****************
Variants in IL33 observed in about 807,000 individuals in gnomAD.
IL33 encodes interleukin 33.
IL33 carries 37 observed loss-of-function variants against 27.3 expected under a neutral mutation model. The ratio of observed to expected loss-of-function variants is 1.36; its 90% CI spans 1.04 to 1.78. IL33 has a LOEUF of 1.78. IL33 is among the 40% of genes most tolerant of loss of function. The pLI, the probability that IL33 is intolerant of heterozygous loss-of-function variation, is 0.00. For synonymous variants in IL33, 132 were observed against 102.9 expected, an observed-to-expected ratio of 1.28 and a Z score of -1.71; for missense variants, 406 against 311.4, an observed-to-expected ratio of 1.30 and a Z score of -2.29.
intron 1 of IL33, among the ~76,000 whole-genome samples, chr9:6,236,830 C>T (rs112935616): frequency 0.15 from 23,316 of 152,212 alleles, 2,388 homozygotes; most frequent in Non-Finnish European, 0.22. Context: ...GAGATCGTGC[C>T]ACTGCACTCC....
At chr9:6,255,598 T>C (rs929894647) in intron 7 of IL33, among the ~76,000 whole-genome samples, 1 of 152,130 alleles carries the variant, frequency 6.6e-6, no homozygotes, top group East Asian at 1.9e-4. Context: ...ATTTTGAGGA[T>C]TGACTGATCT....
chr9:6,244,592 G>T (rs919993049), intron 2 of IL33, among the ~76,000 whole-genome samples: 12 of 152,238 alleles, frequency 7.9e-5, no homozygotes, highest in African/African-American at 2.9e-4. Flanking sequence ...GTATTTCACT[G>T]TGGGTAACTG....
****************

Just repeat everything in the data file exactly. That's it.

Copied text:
Variants in IL33 observed in about 807,000 individuals in gnomAD.
IL33 encodes interleukin 33.
IL33 carries 37 observed loss-of-function variants against 27.3 expected under a neutral mutation model. The ratio of observed to expected loss-of-function variants is 1.36; its 90% CI spans 1.04 to 1.78. IL33 has a LOEUF of 1.78. IL33 is among the 40% of genes most tolerant of loss of function. The pLI, the probability that IL33 is intolerant of heterozygous loss-of-function variation, is 0.00. For synonymous variants in IL33, 132 were observed against 102.9 expected, an observed-to-expected ratio of 1.28 and a Z score of -1.71; for missense variants, 406 against 311.4, an observed-to-expected ratio of 1.30 and a Z score of -2.29.
intron 1 of IL33, among the ~76,000 whole-genome samples, chr9:6,236,830 C>T (rs112935616): frequency 0.15 from 23,316 of 152,212 alleles, 2,388 homozygotes; most frequent in Non-Finnish European, 0.22. Context: ...GAGATCGTGC[C>T]ACTGCACTCC....
At chr9:6,255,598 T>C (rs929894647) in intron 7 of IL33, among the ~76,000 whole-genome samples, 1 of 152,130 alleles carries the variant, frequency 6.6e-6, no homozygotes, top group East Asian at 1.9e-4. Context: ...ATTTTGAGGA[T>C]TGACTGATCT....
chr9:6,244,592 G>T (rs919993049), intron 2 of IL33, among the ~76,000 whole-genome samples: 12 of 152,238 alleles, frequency 7.9e-5, no homozygotes, highest in African/African-American at 2.9e-4. Flanking sequence ...GTATTTCACT[G>T]TGGGTAACTG....